Summary (Masterplots II: Short Story Series, Revised Edition)
Amid the lingering London ruins of the bombing raids of World War II, a gang of adolescent boys pass their summer holidays carrying out various projects of collective mischief. They are the inhabitants of a neighborhood known as Wormsley Common, one of the poorest sections of the city. They meet and play in a communal parking lot, which adjoins a battered but stately eighteenth century house. The house, more than two hundred years old, stands alone, “like a jagged tooth,” while its neighbors lie in wartime rubble. Blackie, the hitherto undisputed leader, is indirectly challenged one day by the newest recruit, a boy known as “T.” From the time he first joined the group at the beginning of the summer, T. has had little or nothing to say, simply voting “yes” or “no” with the rest of this curiously democratic collection of children.
Now T. intrigues the boys with a plan of diabolic proportions, an enterprise far beyond any that Blackie could conceive. The house that adjoins their parking lot play area, T. has discovered, was built by Christopher Wren, Great Britain’s greatest architect. It was Wren who, in the late seventeenth century, designed and built Saint Paul’s Cathedral, the most notable of London landmarks. The sole inhabitant of the house is the owner, an elderly and somewhat cranky gentleman named Mr. Thomas, whom the boys call “Old Misery.”
T. has developed a curious fixation on the house. He gains entry by the...
(The entire section is 608 words.)
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‘‘The Destructors’’ is about a group of teenage boys who call themselves the Wormsley Common gang, after the area where they live. They meet every day in a parking lot near a part of town that was bombed during World War II. Almost everything in this area is destroyed although one house stands with minimal damage. This house is owned by Mr. Thomas (whom the boys call Old Misery), an old man who lives alone.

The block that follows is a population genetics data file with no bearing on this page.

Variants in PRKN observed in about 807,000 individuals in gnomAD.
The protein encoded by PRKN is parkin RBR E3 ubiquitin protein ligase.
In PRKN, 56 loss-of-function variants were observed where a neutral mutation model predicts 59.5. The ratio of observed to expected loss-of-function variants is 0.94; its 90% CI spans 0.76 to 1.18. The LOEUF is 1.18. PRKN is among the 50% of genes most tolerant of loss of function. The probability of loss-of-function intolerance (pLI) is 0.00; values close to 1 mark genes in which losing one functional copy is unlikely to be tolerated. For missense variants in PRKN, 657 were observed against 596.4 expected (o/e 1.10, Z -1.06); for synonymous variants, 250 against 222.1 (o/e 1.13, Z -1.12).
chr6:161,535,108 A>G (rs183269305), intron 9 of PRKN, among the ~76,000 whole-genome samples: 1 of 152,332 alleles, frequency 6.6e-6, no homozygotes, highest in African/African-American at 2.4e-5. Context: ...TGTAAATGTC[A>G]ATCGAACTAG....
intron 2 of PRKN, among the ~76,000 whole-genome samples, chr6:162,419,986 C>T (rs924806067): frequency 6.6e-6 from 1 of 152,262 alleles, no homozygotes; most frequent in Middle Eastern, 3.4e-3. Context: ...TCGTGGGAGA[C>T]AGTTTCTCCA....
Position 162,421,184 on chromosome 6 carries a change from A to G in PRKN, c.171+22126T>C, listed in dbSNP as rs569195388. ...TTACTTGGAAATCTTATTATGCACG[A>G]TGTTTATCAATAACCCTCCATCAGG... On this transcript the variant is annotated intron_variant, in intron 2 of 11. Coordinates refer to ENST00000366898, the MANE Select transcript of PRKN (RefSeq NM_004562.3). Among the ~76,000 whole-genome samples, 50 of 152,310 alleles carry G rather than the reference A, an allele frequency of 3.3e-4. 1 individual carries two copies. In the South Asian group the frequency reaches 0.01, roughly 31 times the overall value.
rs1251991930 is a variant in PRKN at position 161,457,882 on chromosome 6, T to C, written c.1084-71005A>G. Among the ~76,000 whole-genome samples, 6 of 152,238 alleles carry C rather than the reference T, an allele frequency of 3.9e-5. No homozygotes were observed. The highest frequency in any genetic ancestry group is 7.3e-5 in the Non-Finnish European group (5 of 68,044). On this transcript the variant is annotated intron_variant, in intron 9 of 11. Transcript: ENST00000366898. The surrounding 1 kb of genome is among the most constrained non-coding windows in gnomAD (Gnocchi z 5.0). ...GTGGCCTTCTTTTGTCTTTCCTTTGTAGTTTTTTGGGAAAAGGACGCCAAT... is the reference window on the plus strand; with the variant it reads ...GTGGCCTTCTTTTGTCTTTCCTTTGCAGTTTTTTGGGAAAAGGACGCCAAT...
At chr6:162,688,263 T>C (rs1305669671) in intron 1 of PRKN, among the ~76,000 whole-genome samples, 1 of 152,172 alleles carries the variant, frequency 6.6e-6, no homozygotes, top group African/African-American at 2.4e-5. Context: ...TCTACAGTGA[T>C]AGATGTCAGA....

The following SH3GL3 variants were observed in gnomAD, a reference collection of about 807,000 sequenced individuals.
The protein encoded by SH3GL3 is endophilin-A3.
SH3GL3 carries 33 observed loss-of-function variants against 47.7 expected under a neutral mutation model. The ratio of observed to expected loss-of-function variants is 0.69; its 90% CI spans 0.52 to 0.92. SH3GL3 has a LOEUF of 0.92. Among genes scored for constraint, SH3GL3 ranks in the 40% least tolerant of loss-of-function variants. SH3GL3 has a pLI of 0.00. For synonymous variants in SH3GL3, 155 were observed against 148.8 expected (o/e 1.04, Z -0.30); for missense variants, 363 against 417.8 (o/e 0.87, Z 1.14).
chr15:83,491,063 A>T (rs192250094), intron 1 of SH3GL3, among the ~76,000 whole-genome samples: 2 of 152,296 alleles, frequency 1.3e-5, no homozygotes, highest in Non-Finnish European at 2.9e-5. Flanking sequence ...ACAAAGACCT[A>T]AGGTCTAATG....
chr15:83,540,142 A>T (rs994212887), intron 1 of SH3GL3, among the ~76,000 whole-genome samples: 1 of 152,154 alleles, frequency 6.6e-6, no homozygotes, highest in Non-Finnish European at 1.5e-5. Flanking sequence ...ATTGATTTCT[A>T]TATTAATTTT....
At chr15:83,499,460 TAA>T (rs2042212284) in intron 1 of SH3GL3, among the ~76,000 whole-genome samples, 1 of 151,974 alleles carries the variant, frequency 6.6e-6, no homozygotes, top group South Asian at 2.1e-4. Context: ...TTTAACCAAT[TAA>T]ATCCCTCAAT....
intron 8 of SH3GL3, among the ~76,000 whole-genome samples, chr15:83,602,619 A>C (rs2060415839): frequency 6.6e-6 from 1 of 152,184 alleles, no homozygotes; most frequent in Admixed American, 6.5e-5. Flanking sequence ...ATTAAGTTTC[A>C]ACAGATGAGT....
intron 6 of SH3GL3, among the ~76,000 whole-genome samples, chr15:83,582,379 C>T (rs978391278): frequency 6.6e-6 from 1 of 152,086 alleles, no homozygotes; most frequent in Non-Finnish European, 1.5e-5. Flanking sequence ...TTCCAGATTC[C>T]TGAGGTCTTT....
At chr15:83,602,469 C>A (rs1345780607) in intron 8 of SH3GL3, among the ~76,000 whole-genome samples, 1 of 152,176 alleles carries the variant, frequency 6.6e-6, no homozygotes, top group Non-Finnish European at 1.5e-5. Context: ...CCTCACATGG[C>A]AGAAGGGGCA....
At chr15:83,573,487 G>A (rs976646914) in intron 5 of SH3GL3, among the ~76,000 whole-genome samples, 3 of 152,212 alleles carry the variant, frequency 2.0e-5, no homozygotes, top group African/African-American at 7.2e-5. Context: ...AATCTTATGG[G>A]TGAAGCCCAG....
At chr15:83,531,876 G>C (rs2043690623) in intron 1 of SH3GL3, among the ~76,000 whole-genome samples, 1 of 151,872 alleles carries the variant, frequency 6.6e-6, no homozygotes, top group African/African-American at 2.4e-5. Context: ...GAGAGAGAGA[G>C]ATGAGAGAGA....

One day, the gang’s leader, Blackie, suggests that they spend the day sneaking free bus rides. T. (whose full name is Trevor) has another idea. He has been inside Mr. Thomas’s house and suggests that the boys take advantage of the old man’s upcoming two-day absence to demolish the house from the inside. T. becomes the gang’s new leader.
When the boys meet at the appointed time the next morning, T. has already organized his directions for the boys to demolish the house. By the end of the day, the house is in shambles: the floors are torn up, the fixtures are smashed, the electrical cords are all cut, and doors are destroyed. After everyone but Blackie has left, T. shows him ‘‘something special,’’ Mr. Thomas’s savings of seventy one-pound notes. T. explains that he and Blackie will burn the notes one at a time to celebrate. After they are finished, they go home.
The next day, the boys meet again at the house to complete the destruction. They take out the staircase, demolish the inner layers of wall, knock...
(The entire section is 411 words.)